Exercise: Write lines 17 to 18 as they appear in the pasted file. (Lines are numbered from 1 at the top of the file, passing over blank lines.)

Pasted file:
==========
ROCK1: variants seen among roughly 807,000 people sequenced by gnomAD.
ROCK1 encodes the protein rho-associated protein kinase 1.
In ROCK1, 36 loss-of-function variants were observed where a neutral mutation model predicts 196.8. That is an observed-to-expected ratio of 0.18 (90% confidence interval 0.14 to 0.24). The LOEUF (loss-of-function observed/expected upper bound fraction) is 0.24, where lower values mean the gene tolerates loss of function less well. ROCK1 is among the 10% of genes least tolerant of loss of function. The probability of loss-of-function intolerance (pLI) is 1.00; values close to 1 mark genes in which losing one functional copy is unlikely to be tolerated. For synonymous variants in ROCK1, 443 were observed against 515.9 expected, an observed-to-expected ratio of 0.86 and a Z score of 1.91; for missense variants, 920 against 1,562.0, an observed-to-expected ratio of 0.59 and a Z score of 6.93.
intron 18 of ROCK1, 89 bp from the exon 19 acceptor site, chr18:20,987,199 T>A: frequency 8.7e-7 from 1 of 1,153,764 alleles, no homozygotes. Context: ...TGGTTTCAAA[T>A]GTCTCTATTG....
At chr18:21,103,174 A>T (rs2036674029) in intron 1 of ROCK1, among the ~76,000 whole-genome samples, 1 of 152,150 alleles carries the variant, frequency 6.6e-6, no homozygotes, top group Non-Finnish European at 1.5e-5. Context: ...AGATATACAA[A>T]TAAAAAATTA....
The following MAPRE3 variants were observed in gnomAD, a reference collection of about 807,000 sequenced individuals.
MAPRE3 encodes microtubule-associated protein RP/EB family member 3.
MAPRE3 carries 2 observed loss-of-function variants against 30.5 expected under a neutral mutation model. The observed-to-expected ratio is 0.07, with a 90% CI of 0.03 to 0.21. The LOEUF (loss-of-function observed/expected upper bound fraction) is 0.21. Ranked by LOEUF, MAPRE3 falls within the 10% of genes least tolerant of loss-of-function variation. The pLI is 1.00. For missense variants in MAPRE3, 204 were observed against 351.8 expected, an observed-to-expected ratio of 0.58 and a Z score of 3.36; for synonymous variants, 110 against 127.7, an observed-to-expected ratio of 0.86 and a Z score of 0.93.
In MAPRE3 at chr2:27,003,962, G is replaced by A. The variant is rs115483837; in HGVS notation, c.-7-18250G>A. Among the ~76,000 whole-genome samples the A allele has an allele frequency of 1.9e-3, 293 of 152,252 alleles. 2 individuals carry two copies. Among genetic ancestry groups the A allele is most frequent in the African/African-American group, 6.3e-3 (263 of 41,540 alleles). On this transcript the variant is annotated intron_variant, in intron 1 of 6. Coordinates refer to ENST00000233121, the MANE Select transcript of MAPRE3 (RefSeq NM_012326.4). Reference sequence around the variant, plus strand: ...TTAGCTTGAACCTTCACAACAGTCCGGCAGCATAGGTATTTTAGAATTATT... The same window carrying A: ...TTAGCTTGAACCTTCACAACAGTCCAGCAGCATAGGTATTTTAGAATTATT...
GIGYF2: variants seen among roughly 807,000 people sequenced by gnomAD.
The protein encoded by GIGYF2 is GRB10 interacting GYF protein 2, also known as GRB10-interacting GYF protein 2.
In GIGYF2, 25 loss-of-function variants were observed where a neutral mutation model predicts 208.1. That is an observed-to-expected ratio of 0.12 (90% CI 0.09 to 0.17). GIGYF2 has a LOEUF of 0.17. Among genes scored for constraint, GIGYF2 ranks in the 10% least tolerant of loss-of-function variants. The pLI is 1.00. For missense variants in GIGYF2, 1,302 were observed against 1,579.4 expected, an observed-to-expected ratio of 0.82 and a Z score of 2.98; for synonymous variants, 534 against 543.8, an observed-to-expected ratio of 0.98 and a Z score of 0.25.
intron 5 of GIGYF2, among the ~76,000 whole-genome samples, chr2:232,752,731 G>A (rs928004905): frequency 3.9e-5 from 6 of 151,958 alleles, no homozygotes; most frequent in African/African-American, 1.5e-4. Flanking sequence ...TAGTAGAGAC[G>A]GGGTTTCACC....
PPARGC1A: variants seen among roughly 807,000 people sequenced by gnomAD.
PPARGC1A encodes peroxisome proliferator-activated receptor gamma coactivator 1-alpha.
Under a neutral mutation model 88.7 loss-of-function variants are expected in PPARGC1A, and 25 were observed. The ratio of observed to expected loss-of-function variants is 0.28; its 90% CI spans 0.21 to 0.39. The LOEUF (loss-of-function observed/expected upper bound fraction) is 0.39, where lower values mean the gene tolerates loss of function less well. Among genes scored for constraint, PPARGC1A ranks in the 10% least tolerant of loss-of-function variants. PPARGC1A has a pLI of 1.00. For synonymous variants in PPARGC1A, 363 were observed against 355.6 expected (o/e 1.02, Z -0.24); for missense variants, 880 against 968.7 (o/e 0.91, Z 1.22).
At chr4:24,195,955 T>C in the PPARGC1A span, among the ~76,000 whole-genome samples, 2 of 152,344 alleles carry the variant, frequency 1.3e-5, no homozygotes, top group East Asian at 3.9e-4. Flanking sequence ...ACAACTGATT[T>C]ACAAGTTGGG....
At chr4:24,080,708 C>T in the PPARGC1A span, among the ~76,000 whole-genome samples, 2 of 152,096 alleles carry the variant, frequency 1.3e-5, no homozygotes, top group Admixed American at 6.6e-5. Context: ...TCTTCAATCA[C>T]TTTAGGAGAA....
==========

At chr4:24,195,955 T>C in the PPARGC1A span, among the ~76,000 whole-genome samples, 2 of 152,344 alleles carry the variant, frequency 1.3e-5, no homozygotes, top group East Asian at 3.9e-4. Flanking sequence ...ACAACTGATT[T>C]ACAAGTTGGG....
At chr4:24,080,708 C>T in the PPARGC1A span, among the ~76,000 whole-genome samples, 2 of 152,096 alleles carry the variant, frequency 1.3e-5, no homozygotes, top group Admixed American at 6.6e-5. Context: ...TCTTCAATCA[C>T]TTTAGGAGAA....